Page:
The only issue I had had more to do with the blurb describing Fayle as Raze’s best friend, rather than the story itself. While Raze views Fayle as a close buddy, it was evident right from the start of the book that there is little between the pair, and that Fayle is using Raze rather than being a friend. It’s not really much, but it made me scratch my head as to why the blurb called Fayle a “best friend.”
In the end, Base Instincts filled me with smiles and happy sighs; it truly was a wonderful read and well-put-together story. I admire how Ms. Ione doesn’t short-circuit her own mythology, but instead deepens it to make something special. She creates two unique characters that I grew to care about in a very short period. I loved reading about Raze and Slake working through the rough spots to ultimately find happiness.
My Rating: A- Enjoyed A Lot Review copy provided by publisher Originally posted at That's What I'm Talking About...more
I have to say that I went in to Up From the Grave with a bit of apprehension. When initially starting the series, I had mixed feelings, reaching a lowI have to say that I went in to Up From the Grave with a bit of apprehension. When initially starting the series, I had mixed feelings, reaching a low back with the fourth title; however, the last two books in the Night Huntress series have been fabulous. When a fellow reader mentioned the reasons why she didn’t care for the final book as much as earlier titles, I was worried because her issues were the biggest reasons I had problems with the earlier titles. However, even with those concerns going into the final book of the Cat and Bones series, I am happy to report that I thoroughly enjoyed Up From the Grave.
The book opens shortly after the conclusion of the sixth Cat and Bones book, and overlaps a bit in time with the second Night Prince book (the Vlad-centric spinoff series). Cat discovers that her former teammates and good friends are missing. When she tries to uncover the truth from her current nemesis, Jason Madigan, she finds out that they are listed as killed in the line of duty, but Cat knows something isn’t quite right. As Cat and Bones dig deeper, they begin to uncover a horrible plot that could spell the end of vampires and ghouls alike.
Up From the Grave is the final story of the primary Night Huntress series, which focuses on Cat and Bones. Overall, I enjoyed both the one-book story and the conclusion of the series. Ms. Frost does a great job balancing the need for a solitary plot line with the desire for an all-encompassing wrap up of the series. All of the major characters make appearances, and the outstanding storylines come together for a solid finish. But that doesn’t mean we don’t meet new players with the possibility of future titles. However, Ms. Frost makes it pretty clear that she’s closed the doors on Cat and Bones, for now. The book focuses on Cat’s need to bring down the nefarious Jason Madigan, who took over the secret government agency in charge of paranormal disruptions. We discover that Madigan is up to some really nasty stuff that could bring about an unwanted war between the vampires and ghouls. There are a few twists and turns in this plot line, some of which I figured out early on and some that came as a pleasant surprise. I like that the bad guys are bad, making them easy to hate. However, not everything is black and white, which is most evident in the relationship Cat has with her deceased uncle, Don. There are also a couple of extremely emotional scenes, and although I just knew everything would be okay, I still got choked up.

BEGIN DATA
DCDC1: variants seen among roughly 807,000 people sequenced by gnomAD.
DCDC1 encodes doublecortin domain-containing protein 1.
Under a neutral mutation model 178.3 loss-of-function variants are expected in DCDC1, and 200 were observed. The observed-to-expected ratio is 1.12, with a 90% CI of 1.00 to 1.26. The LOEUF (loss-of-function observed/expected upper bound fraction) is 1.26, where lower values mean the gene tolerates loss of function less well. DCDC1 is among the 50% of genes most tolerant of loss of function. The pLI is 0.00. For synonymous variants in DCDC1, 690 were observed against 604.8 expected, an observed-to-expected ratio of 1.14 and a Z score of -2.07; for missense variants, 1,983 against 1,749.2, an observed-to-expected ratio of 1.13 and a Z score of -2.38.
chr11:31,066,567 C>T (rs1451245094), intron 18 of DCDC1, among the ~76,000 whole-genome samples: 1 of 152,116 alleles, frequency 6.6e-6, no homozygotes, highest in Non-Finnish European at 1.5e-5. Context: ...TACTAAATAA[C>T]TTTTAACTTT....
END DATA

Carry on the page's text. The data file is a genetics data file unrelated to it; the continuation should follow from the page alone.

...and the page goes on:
As always, I’m impressed with Tavia Gilbert’s performance. I feel like she changed up the voice of at least one character, but for the better; and it really could be all in my mind that it was different (since it’s been a few books since I last heard some of the characters). She also successfully tackles a child’s character, which can really be hit or miss when it comes to an adult narrator. However, I just love Ms. Gilbert’s interpretation of Cat and Bones, and will miss hearing them.
In the end, Up From the Grave is an enjoyable story, providing a satisfying and unique ending to the Night Huntress series. It’s not a perfect story, but it is perfect for Cat and Bones, and Ms. Frost manages to wrap everything up in a mostly happy bow. This is definitely a must read for longtime fans of Cat and Bones.
The second Night Prince book starts with an emotional rollercoaster and ends on a bit of a jaw drop reveal, leaving me ready for the next book. TwiceThe second Night Prince book starts with an emotional rollercoaster and ends on a bit of a jaw drop reveal, leaving me ready for the next book. Twice Tempted opens about six weeks after the conclusion of the Once Burned, and Lelia’s electrical powers and psychic telemetry are still blocked due to Vlad putting his fireproofing essence on her. She’s not happy because of the distance Vlad has placed between them, and after realizing she’s fallen in love with him, she decides to leave him to protect what’s left of her broken heart. Unfortunately, someone is after Lelia, and she finds herself on the run from an unknown foe.
Overall, I really enjoyed Twice Tempted. The highlight of the story is the continuing romance between Vlad and Lelia. I admire her emotional fortitude, making the decision to leave the man she loves because he refuses to entertain the possibility he will ever love her. Their goodbye scene wrecked me inside, making their eventual reconciliation all the more rewarding. I found myself completely engaged on an emotional level.
My only issue with the romance is the similarities of the sorta-love-triangle to Cat, Bones, and Tate from the original Night Huntress series. I understand the need to create tension and drama in the story, but having it come in the form of another suitor, Vlad’s second Maximum, was not the direction I would have liked. It just felt too similar to the original series, and although there are distinct differences, it irritated me.
The mystery of who is after Leila was fairly entertaining, even although I had pretty much figured it out well before the end of the book. The reveal in the concluding moments of the book was exciting, regardless of my correct suspicions.
Once again, I enjoyed Tavia Gilbert’s narration (see earlier reviews for more on my thoughts of Ms. Gilbert’s performance).